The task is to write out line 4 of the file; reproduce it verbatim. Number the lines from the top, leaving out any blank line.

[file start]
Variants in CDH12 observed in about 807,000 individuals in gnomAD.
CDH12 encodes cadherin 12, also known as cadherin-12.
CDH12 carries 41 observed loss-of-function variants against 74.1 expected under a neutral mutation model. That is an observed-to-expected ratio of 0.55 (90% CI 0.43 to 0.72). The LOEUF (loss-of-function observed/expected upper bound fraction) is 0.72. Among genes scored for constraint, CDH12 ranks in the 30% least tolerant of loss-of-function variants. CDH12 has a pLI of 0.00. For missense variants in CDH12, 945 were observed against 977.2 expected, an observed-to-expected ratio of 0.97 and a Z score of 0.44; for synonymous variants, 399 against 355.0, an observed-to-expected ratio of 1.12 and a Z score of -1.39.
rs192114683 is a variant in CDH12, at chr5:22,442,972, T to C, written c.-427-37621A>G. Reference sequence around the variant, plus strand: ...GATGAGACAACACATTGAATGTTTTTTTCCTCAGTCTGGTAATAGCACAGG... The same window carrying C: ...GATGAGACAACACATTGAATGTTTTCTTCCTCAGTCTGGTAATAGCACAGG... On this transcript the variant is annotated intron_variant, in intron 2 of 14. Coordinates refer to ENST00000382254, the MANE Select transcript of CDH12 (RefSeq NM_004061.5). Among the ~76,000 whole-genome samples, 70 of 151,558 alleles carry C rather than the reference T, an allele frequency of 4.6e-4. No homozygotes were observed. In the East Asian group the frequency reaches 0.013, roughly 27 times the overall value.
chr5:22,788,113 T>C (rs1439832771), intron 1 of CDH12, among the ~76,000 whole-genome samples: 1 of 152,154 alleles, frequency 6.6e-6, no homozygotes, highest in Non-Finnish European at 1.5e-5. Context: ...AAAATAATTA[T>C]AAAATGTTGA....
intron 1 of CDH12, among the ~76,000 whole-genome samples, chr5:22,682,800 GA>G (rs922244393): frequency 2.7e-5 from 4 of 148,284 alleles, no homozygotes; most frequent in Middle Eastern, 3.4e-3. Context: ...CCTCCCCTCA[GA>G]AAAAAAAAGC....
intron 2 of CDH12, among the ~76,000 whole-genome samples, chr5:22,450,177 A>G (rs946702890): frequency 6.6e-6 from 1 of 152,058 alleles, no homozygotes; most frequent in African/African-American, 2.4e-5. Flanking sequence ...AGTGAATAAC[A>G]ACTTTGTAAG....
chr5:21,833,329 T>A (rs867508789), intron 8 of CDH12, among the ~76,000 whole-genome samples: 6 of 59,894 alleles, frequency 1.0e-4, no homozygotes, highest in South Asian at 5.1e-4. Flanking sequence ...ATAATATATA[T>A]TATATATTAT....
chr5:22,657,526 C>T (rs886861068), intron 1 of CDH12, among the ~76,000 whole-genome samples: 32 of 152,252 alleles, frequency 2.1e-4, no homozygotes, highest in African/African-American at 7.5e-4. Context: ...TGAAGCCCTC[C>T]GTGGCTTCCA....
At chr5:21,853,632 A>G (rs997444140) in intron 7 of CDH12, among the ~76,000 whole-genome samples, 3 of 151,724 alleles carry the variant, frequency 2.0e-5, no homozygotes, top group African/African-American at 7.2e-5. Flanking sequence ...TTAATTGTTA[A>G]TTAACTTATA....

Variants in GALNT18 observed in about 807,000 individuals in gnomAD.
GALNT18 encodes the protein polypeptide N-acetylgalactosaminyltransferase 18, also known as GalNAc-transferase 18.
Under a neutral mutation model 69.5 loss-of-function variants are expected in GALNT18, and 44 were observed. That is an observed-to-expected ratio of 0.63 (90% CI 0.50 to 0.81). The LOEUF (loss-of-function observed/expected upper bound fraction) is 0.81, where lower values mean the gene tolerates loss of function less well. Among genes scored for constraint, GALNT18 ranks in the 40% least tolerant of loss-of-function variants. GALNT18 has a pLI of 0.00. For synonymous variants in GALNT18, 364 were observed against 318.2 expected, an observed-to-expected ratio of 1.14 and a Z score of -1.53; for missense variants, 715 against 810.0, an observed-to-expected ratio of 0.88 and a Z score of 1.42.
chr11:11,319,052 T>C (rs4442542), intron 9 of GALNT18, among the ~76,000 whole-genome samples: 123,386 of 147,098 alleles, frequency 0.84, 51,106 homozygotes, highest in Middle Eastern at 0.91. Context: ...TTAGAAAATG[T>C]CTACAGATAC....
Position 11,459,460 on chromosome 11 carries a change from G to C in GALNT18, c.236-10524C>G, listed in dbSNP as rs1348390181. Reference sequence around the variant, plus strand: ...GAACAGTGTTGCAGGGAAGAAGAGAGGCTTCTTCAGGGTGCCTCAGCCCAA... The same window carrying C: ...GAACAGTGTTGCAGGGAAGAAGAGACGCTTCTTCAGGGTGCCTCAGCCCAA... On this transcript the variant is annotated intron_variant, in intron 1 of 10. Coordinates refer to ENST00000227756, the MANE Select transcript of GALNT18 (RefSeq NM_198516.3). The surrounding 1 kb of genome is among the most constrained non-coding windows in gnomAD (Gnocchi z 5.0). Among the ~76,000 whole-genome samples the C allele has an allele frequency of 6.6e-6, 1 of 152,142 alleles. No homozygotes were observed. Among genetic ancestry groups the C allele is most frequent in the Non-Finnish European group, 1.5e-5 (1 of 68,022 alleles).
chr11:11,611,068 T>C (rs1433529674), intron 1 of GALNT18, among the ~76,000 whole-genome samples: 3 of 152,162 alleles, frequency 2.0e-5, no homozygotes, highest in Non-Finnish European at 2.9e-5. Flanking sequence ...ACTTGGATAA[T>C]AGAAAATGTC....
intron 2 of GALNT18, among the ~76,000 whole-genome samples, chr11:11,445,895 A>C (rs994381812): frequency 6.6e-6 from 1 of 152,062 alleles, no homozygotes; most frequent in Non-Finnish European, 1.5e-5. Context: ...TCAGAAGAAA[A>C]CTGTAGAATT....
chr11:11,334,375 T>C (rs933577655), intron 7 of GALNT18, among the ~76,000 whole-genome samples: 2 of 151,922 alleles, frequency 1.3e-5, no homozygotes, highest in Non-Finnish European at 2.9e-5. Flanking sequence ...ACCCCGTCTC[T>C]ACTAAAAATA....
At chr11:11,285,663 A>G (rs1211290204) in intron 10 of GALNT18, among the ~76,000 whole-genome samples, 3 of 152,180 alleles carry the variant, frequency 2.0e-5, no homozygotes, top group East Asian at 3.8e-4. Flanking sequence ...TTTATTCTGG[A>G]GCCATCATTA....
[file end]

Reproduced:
rs192114683 is a variant in CDH12, at chr5:22,442,972, T to C, written c.-427-37621A>G. Reference sequence around the variant, plus strand: ...GATGAGACAACACATTGAATGTTTTTTTCCTCAGTCTGGTAATAGCACAGG... The same window carrying C: ...GATGAGACAACACATTGAATGTTTTCTTCCTCAGTCTGGTAATAGCACAGG... On this transcript the variant is annotated intron_variant, in intron 2 of 14. Coordinates refer to ENST00000382254, the MANE Select transcript of CDH12 (RefSeq NM_004061.5). Among the ~76,000 whole-genome samples, 70 of 151,558 alleles carry C rather than the reference T, an allele frequency of 4.6e-4. No homozygotes were observed. In the East Asian group the frequency reaches 0.013, roughly 27 times the overall value.